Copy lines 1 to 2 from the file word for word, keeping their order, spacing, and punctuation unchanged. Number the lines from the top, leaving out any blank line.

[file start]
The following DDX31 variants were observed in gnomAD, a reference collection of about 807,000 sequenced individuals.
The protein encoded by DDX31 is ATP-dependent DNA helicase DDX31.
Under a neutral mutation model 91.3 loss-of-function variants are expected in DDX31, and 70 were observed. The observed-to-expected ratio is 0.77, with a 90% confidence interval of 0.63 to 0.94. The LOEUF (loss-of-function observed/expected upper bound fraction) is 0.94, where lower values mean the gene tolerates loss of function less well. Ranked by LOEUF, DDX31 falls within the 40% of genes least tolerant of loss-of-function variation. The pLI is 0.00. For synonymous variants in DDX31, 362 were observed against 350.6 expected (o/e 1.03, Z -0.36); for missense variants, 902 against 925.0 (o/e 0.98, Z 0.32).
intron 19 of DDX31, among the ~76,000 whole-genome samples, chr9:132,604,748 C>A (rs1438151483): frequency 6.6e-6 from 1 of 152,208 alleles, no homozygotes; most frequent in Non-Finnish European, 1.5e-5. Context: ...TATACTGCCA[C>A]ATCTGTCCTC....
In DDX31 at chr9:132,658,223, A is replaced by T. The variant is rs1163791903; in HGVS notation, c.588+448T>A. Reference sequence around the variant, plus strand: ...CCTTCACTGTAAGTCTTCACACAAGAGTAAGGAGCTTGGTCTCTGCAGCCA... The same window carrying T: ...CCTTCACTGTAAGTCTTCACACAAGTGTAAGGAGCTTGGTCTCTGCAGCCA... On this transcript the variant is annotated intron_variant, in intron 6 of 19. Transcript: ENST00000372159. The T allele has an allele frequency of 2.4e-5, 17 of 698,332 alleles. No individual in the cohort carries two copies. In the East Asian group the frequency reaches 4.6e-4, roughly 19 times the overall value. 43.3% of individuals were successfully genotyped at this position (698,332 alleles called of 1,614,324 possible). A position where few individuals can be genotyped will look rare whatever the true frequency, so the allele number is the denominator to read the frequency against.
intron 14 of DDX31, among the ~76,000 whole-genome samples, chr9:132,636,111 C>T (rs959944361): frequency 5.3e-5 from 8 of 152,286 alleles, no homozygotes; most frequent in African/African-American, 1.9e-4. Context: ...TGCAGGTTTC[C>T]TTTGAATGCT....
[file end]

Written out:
The following DDX31 variants were observed in gnomAD, a reference collection of about 807,000 sequenced individuals.
The protein encoded by DDX31 is ATP-dependent DNA helicase DDX31.